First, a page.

Start-up of the Week: Tabuk’s Candy Gift goes for the sweet spot

Updated 23 July 2018

Start-up of the Week: Tabuk’s Candy Gift goes for the sweet spot

RIYADH: When Elham Musalli retired after working in the education sector for 23 years, she was not ready to put her feet up and have a rest after decades spent working with children.
Many educationists might feel jaded and glad to turn their backs on their pupils. But not Elham Musalli. She told Arab News: “I worked in the field of education for 23 years, despite my love and enjoyment of my work and achievements in King Abdul Aziz Schools and its charity institute, there was something inside me ... a wish or a hobby or the love to work on something that I had not been able to devote myself into and give it more attention.”
She started thinking about what her next challenge would be. ”When I retired I had the time to think about my candy project, which is actually part of my personality the love for children and the love of making gifts.”
She started talking to her family about how to implement her project. She was determined to do something she said, unable to “a long time of emptiness every day.” She also wanted to teach her children how to start a business.
“After long discussions with the family, we ended up working together as a team to make this dream come true.
“We distributed work among the family members from the selection of the logos and colors, to choosing cashier devices and preparing a comprehensive feasibility study. I have also traveled to many cities to learn about the traders, shops and institutes that can help in providing us with goods. The planning process took approximately a year to achieve.”
The concept of Candy Gift in Tabuk in the northwest of the Kingdom is that it will be a fantasy space, selling sweets and gifts, in a colorful fashion-forward store.
Candy Gift, is now open at the Tabuk Park mall near Prince Fahad bin Sultan’s Park, aims to be a lively concept store. Its colorful interior is sweetly styled to conjure up the idea of a candy paradise for the young — and the young at heart.
She was looking for staff who would understand her customers. “I made sure that the female employees are Saudi women because I believe in them and the nature of the shop requires them to be able to understand customers and help them get what they need as soon as possible,” she added.
Her formula seems to have worked, as when asked what reaction the store has had, she said: “We call ourselves happiness makers because the shop gives joy and pleasure to all customers. The children give the sweetest reactions when they enter the store with the smiles and expression of the parents, it really increases our enthusiasm to work.”
She attributes the success of the venture to the support she has had — from “my husband, children, family and others.”
She now hopes to expand the business to other cities.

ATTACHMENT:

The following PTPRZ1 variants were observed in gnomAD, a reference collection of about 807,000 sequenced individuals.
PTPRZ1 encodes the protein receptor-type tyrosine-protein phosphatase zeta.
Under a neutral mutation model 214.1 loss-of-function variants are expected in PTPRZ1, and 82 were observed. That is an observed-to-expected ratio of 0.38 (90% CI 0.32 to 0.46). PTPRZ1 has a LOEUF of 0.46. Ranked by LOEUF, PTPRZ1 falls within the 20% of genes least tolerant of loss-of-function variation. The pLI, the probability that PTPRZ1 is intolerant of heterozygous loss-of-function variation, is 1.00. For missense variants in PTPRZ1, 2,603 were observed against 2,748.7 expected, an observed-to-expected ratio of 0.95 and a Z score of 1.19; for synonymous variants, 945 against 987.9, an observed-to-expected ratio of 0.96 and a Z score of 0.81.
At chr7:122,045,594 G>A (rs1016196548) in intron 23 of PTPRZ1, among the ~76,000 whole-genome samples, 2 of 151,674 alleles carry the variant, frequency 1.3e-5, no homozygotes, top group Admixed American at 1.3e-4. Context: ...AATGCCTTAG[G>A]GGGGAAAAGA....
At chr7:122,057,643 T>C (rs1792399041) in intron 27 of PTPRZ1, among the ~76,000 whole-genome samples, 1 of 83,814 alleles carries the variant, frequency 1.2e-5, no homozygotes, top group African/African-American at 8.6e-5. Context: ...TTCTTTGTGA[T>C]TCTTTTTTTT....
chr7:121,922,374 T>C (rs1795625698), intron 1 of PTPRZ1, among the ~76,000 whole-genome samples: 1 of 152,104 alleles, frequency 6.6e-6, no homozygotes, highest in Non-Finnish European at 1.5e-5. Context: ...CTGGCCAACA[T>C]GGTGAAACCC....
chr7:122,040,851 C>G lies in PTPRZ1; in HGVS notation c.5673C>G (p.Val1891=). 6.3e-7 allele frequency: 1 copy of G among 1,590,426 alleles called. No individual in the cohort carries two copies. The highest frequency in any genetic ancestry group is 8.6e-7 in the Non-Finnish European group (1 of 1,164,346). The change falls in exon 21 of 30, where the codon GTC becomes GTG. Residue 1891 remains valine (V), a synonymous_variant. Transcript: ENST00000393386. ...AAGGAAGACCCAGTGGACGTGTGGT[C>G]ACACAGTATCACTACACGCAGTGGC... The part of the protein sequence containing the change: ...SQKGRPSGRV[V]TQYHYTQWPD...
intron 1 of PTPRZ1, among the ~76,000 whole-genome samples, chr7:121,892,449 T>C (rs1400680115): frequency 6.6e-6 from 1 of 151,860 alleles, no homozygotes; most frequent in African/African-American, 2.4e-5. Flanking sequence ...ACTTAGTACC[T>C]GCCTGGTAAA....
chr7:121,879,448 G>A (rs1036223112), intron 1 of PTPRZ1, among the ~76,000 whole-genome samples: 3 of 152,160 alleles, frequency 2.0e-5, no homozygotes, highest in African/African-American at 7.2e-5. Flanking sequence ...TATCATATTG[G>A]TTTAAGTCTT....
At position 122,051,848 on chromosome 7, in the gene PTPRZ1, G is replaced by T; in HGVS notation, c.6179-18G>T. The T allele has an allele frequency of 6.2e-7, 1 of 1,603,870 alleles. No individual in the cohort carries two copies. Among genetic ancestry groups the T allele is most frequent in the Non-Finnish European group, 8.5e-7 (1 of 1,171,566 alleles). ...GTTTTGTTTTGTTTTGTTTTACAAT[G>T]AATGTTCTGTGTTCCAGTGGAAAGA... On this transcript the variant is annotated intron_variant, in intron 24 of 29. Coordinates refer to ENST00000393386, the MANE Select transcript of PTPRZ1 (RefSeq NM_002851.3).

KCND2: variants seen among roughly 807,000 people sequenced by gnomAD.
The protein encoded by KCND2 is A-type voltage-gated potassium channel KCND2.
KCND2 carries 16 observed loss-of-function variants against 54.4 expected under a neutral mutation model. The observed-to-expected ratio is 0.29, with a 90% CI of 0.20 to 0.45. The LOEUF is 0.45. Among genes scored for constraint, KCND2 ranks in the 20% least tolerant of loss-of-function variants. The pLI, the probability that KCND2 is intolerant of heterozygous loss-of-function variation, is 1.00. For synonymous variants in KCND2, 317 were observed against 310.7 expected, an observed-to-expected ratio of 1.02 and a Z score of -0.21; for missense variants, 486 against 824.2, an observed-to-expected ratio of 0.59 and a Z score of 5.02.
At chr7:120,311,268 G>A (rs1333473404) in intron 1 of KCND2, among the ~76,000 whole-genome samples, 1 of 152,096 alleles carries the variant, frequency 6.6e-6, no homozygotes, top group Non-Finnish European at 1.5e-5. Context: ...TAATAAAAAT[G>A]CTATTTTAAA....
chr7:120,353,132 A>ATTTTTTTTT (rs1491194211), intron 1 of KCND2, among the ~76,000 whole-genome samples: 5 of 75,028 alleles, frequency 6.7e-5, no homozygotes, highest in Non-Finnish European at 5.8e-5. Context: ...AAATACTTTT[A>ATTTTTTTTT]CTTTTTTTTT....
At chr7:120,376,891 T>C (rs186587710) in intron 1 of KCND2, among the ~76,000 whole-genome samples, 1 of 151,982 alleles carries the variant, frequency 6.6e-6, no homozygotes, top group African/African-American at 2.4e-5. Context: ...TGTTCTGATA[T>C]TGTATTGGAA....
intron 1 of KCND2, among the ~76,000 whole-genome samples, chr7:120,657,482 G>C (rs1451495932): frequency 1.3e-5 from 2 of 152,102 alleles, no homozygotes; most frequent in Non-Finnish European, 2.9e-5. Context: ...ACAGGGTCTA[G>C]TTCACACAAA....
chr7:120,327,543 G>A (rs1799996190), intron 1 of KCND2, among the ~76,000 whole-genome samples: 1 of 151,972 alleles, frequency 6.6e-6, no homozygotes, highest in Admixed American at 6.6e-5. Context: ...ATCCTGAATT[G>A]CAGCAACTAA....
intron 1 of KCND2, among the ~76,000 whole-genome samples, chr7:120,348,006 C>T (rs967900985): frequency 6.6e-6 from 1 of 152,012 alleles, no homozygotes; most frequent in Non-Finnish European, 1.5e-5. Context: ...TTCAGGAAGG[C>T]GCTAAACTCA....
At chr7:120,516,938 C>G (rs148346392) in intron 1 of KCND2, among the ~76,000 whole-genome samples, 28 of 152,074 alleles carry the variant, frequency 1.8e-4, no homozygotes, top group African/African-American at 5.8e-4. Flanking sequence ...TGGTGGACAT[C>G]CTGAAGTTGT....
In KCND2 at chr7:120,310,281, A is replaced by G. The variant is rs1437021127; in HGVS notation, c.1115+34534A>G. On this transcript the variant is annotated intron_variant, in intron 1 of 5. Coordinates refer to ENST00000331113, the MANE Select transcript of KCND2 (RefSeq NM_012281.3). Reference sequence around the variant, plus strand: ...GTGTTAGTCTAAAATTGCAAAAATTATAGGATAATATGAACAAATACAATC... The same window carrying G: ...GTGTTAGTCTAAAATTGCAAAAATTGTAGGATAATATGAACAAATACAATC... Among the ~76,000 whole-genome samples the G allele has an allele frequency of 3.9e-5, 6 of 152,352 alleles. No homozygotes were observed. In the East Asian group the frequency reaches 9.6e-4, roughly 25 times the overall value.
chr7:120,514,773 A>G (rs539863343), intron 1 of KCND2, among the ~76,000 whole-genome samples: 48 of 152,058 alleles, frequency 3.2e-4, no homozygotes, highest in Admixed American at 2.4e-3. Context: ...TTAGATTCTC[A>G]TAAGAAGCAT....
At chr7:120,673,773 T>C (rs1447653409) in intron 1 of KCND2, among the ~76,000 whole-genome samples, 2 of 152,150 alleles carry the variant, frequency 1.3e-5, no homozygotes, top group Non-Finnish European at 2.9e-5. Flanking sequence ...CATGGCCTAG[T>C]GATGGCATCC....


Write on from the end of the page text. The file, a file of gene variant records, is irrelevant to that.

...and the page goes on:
Houthi attack on Saudi Aramco facilities act of terror: Japanese defense minister

Updated 16 September 2019

Houthi attack on Saudi Aramco facilities act of terror: Japanese defense minister

TOKYO: Taro Kono, the defense minister of Japan, said that threats to his country’s oil supply was the “most worrying scenario” he could imagine in international relations, in the wake of attacks on Saudi Arabian oil production facilities. 

“The most pessimistic scenario right now is that something happens in the Straits of Hormuz and the oil supply gets cut down, and that would send a shock wave through the global economy. I think the price of oil is already rising after this attack on Saudi facilities, so that’s the most worrying scenario right now,” he told a conference in Tokyo, Japan.

However, speaking on the sidelines to Arab News, he insisted that Saudi Arabia would remain a reliable partner of Japan - which imports around 40 per cent of its crude from the Kingdom - and downplayed concerns about long-term supply problems.

“Saudi has been and will be an important source of our energy supply. We have international co-ordination, and we have reserves, so we are not really worried about that,” he said. 

Kono, who was until recently Japan’s foreign minister, said that his country would be seeking to promote diplomatic solutions to the latest Middle East conflagration. "We definitely need to ease the tension between those countries. As Foreign Minister, the last thing I was doing was calling the Iranian Foreign Minister and the French Foreign Minister to ease the tension the region through diplomatic actions, and I think it's important to continue doing it.

“This Houthi attack on Saudi is a little different, because it's a terrorist attack. I think we may require some kind of military operation against those drone attacks, and that's something out of Japan's constitutional boundary. I think Japan will be focusing on diplomatic efforts in easing tension in the region.”

He raised concerns about the apparent lack of sophistication in the recent attacks. “If it is really drones, that is a lot cheaper than any form of conventional missile,” he said.